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Sunday, August 01, 2010

The sharp edges of our tiny Jewish world

A week or two ago I wrote about a 'small Jewish world' experience where I was able to reconnect an Indian client of mine visiting Israel with his long-retired former headmaster living in Rishon LeZion.

For me, this was a wonderful experience... not only because I got to vicariously enjoy the reunion of these two people more than 40 years after they had inhabited the same proximal sphere... but also because I got to make the acquaintance of an Indian Immigrant who I would otherwise never have met.

The fact of playing the Israeli host and being able to take part in such a joyous visit to a complete stranger was wonderful.

This Shabbat I was in Mumbai and attended services at the old Knesset Eliyahoo synagogue there.  While there, I was able to reconnect with the gentlemen who had suggested to my Indian client they he look up their former headmaster during his Israel trip. 

When I approached this gentleman after Friday night services to personally thank him for making the connection, I was unprepared for his reaction.  The old man's face fell, and he looked positively stricken.  After a moment, he said, "Oh my... you must have just arrived and missed the news".

I have to admit that when I'm abroad I tend not to follow Israeli news too closely because it can really play with my focus... so standing there I had to shake my head and ask him what he was referring to.  The only events I was aware of were some relatively small exchanges of hostilities with Hamas in Gaza, and a tragic Israeli Air Force helicopter crash during a training exercise in Romania... but I couldn't imagine that either of these were what he was talking about.

He explained that the retired headmaster I had met with my client had suffered a terrible personal tragedy.  One of the officers killed in Romania had been his grandson... the child of his oldest daughter. 

As he told me, the scene played back in my mind of our last few minutes with the old man and his wife in Rishon.  As we'd stood in their homey foyer preparing to say our good-byes, they had proudly pointed out all the family photographs of the children they had brought from India to Israel, as well as the many grandchildren they had raised to be proud Israelis.  In my mind's eye I could still see the photograph of their oldest daughter and her children, smiling sometime in the past... blissfully unaware of a future tragedy. 

On Friday, just hours before I received this terrible news from an Indian in Mumbai, the remains of the fallen Israeli airmen had been returned to their families for burial... and one by one, just a few hours before shabbat, each of these grieving families buried a part of their lives... a part of their dreams.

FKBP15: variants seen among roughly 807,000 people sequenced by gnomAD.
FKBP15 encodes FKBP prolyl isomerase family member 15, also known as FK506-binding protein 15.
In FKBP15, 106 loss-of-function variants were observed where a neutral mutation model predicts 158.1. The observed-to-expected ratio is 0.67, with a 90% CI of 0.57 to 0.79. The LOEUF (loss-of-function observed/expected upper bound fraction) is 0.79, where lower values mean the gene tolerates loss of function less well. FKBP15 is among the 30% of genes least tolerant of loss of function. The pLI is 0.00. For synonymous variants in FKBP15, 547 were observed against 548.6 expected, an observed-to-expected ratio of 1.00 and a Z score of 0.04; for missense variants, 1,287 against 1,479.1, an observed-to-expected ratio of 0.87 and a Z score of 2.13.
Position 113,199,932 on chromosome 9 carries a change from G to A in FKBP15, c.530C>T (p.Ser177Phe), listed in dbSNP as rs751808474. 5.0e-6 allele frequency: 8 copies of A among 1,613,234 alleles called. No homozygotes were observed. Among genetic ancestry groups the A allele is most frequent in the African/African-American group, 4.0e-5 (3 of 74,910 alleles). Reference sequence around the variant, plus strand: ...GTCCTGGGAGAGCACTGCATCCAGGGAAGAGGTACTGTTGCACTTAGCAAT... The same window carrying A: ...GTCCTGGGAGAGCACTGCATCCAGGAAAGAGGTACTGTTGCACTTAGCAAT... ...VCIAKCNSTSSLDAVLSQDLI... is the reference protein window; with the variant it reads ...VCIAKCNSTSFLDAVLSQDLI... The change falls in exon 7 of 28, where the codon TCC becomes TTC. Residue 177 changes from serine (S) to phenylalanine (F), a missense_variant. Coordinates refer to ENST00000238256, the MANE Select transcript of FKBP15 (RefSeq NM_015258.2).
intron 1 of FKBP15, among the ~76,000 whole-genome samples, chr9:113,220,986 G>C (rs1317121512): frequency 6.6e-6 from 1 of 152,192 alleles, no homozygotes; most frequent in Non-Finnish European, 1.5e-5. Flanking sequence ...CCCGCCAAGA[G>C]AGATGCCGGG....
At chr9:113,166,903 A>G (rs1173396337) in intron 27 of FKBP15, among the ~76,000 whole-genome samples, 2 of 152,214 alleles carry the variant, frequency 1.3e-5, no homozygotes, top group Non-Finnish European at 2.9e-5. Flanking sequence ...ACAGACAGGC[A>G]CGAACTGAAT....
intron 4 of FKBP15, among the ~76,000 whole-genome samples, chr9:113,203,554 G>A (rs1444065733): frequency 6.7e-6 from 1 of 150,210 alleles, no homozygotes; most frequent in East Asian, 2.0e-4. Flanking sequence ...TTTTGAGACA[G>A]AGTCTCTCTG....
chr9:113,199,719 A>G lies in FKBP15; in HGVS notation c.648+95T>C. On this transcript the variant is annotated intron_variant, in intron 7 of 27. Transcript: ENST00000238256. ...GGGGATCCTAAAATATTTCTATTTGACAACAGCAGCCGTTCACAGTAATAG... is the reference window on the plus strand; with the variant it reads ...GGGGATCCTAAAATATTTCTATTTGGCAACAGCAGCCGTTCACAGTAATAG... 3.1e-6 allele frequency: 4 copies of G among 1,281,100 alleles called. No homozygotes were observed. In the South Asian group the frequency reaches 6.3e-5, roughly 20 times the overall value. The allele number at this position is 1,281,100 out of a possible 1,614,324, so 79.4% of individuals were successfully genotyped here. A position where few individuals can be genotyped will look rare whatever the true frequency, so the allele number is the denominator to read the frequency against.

How strange that an Indian visiting Israel should cause me to make the happy acquaintance of this former headmaster.  And then only a few weeks later, I would find myself in Mumbai learning that I would have to phone this same headmaster as he and his family sat grappling with such a horrible loss.

As shabbat was ending here, I sat here in my hotel room watching the sunset over the Arabian Sea... knowing that it would take several hours to move far enough across the sky towards Israel so that Shabbat would be over there, and I could make that phone call.  It's almost time.

Yes, there are some wonderful aspects to being a part of such a small, interconnected community.  But there are sharp edges to this tiny Jewish world of ours. 

Posted by David Bogner on August 1, 2010 | Permalink

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Ohhhh...I'm so upset after reading this...Baruch Dayan Emet...that poor man and his family. The sharp edges of which you speak are profoundly far-reaching. It hurt to read this news.

Posted by: Erica | Aug 1, 2010 11:01:41 AM

A personal connection to a story that might otherwise have blown over you, like a harsh wind. Consider it a blessing and a gift.

Posted by: Morey Altman | Aug 1, 2010 4:02:30 PM

The connection that you made with him, while painful in a way, will also allow you to be yet another person who can give him comfort.

Posted by: Jordan Hirsch | Aug 1, 2010 6:23:04 PM

So very sad!

Posted by: Kiwi Noa | Aug 1, 2010 9:51:26 PM

Morey said it better than I. Perhaps take solace in the fact that the old headmaster was able to share the joy his family has brought him, so that you can share in his grief.

Posted by: Jethro | Aug 1, 2010 10:03:53 PM

So sorry to hear.

Posted by: Dina | Aug 2, 2010 9:37:47 AM

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